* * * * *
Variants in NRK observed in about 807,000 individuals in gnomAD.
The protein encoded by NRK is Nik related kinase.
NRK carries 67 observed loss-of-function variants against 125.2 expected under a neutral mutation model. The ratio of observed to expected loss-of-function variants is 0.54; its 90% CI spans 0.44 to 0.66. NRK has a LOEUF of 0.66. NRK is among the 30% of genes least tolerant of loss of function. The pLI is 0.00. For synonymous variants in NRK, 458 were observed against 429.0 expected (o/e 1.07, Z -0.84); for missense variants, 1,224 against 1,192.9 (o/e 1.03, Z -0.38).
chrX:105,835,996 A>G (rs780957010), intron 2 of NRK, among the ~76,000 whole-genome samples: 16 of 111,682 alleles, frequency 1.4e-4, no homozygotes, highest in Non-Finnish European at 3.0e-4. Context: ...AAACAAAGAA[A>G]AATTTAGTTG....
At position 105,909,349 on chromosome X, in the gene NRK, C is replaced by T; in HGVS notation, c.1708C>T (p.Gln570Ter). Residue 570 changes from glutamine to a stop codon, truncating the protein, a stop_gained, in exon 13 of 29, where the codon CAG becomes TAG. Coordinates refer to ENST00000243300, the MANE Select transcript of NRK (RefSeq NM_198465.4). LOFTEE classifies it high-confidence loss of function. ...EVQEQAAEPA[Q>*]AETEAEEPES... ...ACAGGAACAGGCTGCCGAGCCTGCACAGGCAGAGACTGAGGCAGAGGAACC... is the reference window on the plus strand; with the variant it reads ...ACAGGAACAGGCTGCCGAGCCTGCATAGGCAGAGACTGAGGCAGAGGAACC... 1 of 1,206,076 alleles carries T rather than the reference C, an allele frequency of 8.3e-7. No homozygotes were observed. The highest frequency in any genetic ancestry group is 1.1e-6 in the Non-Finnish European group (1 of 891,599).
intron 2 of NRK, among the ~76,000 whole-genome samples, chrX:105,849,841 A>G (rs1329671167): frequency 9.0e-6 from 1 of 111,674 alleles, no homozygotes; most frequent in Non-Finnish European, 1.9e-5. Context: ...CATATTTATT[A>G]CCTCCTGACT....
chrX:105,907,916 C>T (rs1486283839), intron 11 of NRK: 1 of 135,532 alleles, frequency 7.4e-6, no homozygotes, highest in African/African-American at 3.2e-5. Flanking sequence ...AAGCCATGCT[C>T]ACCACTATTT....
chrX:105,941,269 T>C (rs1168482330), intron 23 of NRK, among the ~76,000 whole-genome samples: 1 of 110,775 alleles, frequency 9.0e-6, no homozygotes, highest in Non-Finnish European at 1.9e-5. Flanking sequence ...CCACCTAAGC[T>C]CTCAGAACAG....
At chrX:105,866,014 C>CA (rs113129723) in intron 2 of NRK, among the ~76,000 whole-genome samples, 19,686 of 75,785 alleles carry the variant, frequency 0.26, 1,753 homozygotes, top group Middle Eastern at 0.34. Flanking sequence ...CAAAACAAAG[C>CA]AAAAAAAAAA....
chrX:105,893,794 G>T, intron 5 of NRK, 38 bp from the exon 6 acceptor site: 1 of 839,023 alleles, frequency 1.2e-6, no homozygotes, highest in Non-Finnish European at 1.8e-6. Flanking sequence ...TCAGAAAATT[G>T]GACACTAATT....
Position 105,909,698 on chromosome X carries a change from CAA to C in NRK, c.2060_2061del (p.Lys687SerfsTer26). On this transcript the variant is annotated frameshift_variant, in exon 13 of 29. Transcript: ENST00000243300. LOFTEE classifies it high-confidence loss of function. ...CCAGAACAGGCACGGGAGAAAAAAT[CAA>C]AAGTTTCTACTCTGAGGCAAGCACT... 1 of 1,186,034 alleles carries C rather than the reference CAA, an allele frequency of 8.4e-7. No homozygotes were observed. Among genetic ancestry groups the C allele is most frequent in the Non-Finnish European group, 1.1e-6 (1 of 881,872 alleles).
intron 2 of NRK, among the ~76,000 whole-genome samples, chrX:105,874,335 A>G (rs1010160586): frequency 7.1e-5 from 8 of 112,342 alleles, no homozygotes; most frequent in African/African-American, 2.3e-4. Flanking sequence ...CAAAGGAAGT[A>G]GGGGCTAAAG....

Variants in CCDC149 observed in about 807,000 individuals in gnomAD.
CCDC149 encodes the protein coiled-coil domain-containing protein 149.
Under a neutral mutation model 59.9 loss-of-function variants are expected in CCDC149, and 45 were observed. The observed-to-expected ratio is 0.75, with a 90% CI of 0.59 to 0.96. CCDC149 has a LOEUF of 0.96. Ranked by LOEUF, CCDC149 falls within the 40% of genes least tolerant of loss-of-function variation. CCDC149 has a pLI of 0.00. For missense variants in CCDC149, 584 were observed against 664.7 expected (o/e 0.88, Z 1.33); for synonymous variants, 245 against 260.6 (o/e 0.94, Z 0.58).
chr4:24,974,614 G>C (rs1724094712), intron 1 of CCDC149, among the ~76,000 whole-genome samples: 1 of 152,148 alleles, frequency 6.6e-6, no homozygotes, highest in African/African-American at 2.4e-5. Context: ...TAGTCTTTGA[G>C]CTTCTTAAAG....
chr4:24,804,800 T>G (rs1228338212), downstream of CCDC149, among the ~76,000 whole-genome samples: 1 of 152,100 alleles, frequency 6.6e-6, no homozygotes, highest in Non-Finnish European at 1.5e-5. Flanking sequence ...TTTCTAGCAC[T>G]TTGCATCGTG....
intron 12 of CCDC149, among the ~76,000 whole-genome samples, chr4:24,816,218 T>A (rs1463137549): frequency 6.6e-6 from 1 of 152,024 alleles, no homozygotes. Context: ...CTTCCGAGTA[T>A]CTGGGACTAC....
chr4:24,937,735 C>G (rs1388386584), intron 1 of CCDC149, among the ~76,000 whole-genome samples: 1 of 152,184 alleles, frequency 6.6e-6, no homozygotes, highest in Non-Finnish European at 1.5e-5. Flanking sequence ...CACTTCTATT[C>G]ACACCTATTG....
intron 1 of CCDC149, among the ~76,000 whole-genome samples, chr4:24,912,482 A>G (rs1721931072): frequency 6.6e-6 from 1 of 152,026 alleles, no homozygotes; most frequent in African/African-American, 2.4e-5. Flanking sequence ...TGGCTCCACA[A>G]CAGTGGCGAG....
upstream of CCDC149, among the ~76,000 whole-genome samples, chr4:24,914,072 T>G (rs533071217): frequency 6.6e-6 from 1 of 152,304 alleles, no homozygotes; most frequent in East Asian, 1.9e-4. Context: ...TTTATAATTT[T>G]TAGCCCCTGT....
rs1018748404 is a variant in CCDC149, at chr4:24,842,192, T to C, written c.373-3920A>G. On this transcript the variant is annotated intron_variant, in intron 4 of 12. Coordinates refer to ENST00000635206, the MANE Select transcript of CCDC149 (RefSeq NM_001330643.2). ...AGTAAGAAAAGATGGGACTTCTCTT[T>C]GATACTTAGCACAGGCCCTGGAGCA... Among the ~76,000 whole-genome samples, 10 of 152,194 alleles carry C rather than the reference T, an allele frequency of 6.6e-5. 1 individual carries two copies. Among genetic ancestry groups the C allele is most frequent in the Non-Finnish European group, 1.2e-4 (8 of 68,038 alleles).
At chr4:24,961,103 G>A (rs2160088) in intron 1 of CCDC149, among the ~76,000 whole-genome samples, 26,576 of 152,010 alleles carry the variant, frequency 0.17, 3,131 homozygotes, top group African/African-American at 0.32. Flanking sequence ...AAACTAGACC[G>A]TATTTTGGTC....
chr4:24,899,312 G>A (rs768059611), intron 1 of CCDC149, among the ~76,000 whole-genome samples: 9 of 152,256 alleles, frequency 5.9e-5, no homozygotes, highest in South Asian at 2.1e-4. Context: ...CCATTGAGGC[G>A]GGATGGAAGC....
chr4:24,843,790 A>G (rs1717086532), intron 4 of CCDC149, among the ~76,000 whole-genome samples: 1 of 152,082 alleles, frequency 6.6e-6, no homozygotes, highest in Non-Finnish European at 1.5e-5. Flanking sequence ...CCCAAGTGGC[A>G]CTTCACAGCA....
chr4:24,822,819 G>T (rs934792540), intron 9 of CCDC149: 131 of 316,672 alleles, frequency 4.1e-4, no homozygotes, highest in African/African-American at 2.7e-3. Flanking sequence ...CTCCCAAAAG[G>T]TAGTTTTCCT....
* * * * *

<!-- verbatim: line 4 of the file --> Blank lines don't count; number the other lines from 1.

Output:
chrX:105,835,996 A>G (rs780957010), intron 2 of NRK, among the ~76,000 whole-genome samples: 16 of 111,682 alleles, frequency 1.4e-4, no homozygotes, highest in Non-Finnish European at 3.0e-4. Context: ...AAACAAAGAA[A>G]AATTTAGTTG....